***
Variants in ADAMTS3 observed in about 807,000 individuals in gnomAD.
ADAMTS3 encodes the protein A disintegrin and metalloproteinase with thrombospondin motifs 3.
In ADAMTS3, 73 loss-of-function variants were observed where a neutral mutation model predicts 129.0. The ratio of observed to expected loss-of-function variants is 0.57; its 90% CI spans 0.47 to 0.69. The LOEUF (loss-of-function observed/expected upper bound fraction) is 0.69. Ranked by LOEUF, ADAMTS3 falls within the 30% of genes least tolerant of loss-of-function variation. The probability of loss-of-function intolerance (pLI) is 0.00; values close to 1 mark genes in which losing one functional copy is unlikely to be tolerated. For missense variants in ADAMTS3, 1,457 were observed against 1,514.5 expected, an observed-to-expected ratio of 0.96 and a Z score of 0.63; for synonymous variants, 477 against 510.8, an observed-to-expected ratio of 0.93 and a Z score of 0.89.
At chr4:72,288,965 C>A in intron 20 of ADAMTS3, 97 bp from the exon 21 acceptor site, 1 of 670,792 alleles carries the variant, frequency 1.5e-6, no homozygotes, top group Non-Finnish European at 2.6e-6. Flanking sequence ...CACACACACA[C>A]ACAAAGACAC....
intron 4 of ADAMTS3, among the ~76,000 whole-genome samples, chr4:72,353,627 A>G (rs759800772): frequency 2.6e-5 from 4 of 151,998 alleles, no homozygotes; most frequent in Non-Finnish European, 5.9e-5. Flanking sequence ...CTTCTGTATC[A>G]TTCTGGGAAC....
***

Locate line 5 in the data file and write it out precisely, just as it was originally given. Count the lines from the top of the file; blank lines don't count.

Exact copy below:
intron 4 of ADAMTS3, among the ~76,000 whole-genome samples, chr4:72,353,627 A>G (rs759800772): frequency 2.6e-5 from 4 of 151,998 alleles, no homozygotes; most frequent in Non-Finnish European, 5.9e-5. Flanking sequence ...CTTCTGTATC[A>G]TTCTGGGAAC....